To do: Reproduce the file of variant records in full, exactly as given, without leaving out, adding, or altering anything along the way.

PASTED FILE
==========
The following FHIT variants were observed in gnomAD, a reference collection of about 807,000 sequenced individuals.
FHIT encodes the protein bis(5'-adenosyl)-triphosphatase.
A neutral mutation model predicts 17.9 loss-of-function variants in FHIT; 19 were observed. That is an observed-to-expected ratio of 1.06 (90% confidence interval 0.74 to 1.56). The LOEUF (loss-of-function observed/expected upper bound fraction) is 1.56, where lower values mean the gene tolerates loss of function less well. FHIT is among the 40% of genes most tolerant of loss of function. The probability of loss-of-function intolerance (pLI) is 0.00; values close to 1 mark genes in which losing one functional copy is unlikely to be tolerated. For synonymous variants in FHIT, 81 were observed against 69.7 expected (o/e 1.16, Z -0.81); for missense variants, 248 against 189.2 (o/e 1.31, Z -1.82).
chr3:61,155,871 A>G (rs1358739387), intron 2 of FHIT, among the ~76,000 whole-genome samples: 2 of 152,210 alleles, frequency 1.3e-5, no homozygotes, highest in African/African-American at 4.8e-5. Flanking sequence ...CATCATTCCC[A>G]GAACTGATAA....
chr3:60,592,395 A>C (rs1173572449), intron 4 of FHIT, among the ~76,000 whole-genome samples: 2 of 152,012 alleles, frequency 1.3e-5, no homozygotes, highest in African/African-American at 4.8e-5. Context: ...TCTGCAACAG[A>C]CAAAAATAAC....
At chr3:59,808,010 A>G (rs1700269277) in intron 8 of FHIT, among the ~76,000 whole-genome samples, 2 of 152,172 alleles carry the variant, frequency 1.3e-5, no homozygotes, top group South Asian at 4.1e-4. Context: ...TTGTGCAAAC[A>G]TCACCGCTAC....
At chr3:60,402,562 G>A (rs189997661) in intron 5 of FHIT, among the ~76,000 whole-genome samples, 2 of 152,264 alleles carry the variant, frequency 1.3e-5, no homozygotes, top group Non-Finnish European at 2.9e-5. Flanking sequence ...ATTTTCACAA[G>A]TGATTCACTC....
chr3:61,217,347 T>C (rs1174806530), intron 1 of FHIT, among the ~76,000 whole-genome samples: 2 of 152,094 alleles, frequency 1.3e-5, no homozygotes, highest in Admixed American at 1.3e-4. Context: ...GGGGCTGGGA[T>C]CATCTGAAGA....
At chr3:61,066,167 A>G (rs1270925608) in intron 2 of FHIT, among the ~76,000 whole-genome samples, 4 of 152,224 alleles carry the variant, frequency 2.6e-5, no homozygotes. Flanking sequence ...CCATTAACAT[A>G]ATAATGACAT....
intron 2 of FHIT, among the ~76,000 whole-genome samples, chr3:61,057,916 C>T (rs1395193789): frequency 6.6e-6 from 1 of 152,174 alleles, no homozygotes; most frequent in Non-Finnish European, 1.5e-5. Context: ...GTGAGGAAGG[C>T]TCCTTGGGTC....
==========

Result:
The following FHIT variants were observed in gnomAD, a reference collection of about 807,000 sequenced individuals.
FHIT encodes the protein bis(5'-adenosyl)-triphosphatase.
A neutral mutation model predicts 17.9 loss-of-function variants in FHIT; 19 were observed. That is an observed-to-expected ratio of 1.06 (90% confidence interval 0.74 to 1.56). The LOEUF (loss-of-function observed/expected upper bound fraction) is 1.56, where lower values mean the gene tolerates loss of function less well. FHIT is among the 40% of genes most tolerant of loss of function. The probability of loss-of-function intolerance (pLI) is 0.00; values close to 1 mark genes in which losing one functional copy is unlikely to be tolerated. For synonymous variants in FHIT, 81 were observed against 69.7 expected (o/e 1.16, Z -0.81); for missense variants, 248 against 189.2 (o/e 1.31, Z -1.82).
chr3:61,155,871 A>G (rs1358739387), intron 2 of FHIT, among the ~76,000 whole-genome samples: 2 of 152,210 alleles, frequency 1.3e-5, no homozygotes, highest in African/African-American at 4.8e-5. Flanking sequence ...CATCATTCCC[A>G]GAACTGATAA....
chr3:60,592,395 A>C (rs1173572449), intron 4 of FHIT, among the ~76,000 whole-genome samples: 2 of 152,012 alleles, frequency 1.3e-5, no homozygotes, highest in African/African-American at 4.8e-5. Context: ...TCTGCAACAG[A>C]CAAAAATAAC....
At chr3:59,808,010 A>G (rs1700269277) in intron 8 of FHIT, among the ~76,000 whole-genome samples, 2 of 152,172 alleles carry the variant, frequency 1.3e-5, no homozygotes, top group South Asian at 4.1e-4. Context: ...TTGTGCAAAC[A>G]TCACCGCTAC....
At chr3:60,402,562 G>A (rs189997661) in intron 5 of FHIT, among the ~76,000 whole-genome samples, 2 of 152,264 alleles carry the variant, frequency 1.3e-5, no homozygotes, top group Non-Finnish European at 2.9e-5. Flanking sequence ...ATTTTCACAA[G>A]TGATTCACTC....
chr3:61,217,347 T>C (rs1174806530), intron 1 of FHIT, among the ~76,000 whole-genome samples: 2 of 152,094 alleles, frequency 1.3e-5, no homozygotes, highest in Admixed American at 1.3e-4. Context: ...GGGGCTGGGA[T>C]CATCTGAAGA....
At chr3:61,066,167 A>G (rs1270925608) in intron 2 of FHIT, among the ~76,000 whole-genome samples, 4 of 152,224 alleles carry the variant, frequency 2.6e-5, no homozygotes. Flanking sequence ...CCATTAACAT[A>G]ATAATGACAT....
intron 2 of FHIT, among the ~76,000 whole-genome samples, chr3:61,057,916 C>T (rs1395193789): frequency 6.6e-6 from 1 of 152,174 alleles, no homozygotes; most frequent in Non-Finnish European, 1.5e-5. Context: ...GTGAGGAAGG[C>T]TCCTTGGGTC....